Bioshock 2: Can we Trust Anyone? Should we?

Bioshock 2: Can we Trust Anyone? Should we?

Bioshock 2 definitely strikes me as a worthy successor to the first game, but the first game can also have some interesting effects on the perception of the second.

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What did the first game teach us? More than anything else, it at least taught me that one should be wary as to whom we trust. Ryan wasn’t trustworthy in Bioshock, and Atlas turned out just to be a backstabbing, power-hungry mobster. Well, in Bioshock 2 things don’t start off much better. We take on the role as a Big Daddy and begin wondering the halls with our Little Sister, but shortly after we fall prey to a surprise attack, which results in us becoming hypnotised and a woman named Lamb takes away our Little Sister and orders us to shoot ourselves. Great, once again someone afflicted our character with mind control!

This move could be seen as a lazy move from the game creators, using a similar ruse on our character as was used in the first game, but I don’t think that is the case. Once again, we are shown how we through our character just don’t see the entire picture, which translates into a state of utter confusion as we are revived (10 years later) and the game really begins. In short, this game is very aware of its predecessor and does well in utilising the paranoia instilled by that game. We may, wisely, be slower to trust anyone who seems “helpful” – just waiting for the next knife to strike our back.

The games basic premise is not unlike that of its predecessor; it has a person helping and guiding us through the levels by the name of Sinclair, and we are also regularly contacted by the main antagonist, this time in the shape of Sofia Lamb. Moreover, there is the Little Sister who was taken from us, her name is Eleanor Lamb and is the daughter of our antagonist, and our main goal is simply to get Eleanor back, because, well what else are we going to do? The player is cast in the role of a Big Daddy after all.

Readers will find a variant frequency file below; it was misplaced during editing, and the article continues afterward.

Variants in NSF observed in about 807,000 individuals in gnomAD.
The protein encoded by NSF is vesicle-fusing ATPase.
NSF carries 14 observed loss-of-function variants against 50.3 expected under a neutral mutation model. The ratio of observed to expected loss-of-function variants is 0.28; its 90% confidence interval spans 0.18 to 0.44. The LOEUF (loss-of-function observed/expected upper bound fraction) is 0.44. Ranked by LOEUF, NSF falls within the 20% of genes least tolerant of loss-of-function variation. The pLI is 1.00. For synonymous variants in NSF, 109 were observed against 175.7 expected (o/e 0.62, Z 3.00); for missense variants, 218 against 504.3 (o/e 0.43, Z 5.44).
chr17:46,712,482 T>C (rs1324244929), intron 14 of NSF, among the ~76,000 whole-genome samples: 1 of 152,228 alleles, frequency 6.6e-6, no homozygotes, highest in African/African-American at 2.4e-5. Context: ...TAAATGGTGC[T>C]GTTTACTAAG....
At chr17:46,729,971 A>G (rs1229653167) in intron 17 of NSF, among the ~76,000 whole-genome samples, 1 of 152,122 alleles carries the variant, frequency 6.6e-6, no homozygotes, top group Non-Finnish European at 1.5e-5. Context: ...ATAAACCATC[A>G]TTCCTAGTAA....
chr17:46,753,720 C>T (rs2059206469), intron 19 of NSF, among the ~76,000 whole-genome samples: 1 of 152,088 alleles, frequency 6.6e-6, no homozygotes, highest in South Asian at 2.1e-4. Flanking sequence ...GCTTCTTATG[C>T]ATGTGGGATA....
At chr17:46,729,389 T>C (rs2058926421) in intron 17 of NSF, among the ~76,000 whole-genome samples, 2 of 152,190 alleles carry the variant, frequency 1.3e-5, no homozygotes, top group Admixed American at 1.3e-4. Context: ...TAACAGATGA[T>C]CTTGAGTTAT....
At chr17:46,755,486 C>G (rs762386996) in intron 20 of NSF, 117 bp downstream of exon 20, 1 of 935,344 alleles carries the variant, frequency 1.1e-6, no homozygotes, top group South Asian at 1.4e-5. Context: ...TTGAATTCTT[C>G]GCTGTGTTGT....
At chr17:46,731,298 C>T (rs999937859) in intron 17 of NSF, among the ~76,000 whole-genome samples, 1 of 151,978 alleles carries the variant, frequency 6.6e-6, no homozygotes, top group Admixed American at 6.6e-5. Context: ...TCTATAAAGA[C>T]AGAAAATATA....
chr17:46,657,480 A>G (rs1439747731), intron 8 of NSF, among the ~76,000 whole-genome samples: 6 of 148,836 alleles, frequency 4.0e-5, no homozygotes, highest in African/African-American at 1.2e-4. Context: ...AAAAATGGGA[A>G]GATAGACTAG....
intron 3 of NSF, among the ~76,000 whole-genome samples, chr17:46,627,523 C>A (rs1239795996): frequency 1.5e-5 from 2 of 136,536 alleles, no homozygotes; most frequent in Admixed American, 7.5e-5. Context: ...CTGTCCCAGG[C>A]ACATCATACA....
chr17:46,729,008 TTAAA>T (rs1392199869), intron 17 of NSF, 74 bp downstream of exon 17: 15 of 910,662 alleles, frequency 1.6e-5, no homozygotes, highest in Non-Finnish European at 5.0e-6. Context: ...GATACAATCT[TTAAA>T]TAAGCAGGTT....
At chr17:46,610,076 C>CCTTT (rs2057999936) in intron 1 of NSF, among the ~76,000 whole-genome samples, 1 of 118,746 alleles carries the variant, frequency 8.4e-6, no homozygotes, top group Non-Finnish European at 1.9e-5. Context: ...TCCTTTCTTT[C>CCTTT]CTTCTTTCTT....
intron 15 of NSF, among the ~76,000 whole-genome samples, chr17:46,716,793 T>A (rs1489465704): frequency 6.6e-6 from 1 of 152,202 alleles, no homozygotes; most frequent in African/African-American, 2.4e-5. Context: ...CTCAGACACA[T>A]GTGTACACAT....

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The character we play in the game

This last point is in fact accentuated during the first part of the game. The creator of the Little Sisters, Tenenbaum, who actually helped us the previous game is back to offer more assistance. She inhabits a more peripheral character, so whilst we might not be able to trust her when it comes to our own best interests, we can at least trust her to help us save some of the Little Sisters, which seems to be her top priority. Anyway, at one point she kindly informs us that:

“You are a very old Big Daddy, bonded for life to a single Little One. When you are apart for too long, your body begins to shut down, like a coma. As long as the girl is in Rapture, you are trapped here as well.”

There we have it. There is no actual choice, once again, a bit like the last game our character is constantly compelled to search for Eleanor Lamb, because any other choice would consequently kill us. The difference this time is that there is no illusion of choice. So how does this affect matters?

Well, at first it feels a bit deflating I must say. The beginning of this game is fairly slow, something that several reviewers have commented upon. But then the potential paranoia sets it. Tenenbaum places us in the hands of Sinclair, and on the radio, we hear a man with a southern drawl. Accents can carry different associations and affect us in different ways, so when I heard this voice, I immediately deemed it untrustworthy, but despite that what other choice was there, than to follow the guy’s instructions? Not play the game is of course an option, although not a very interesting one.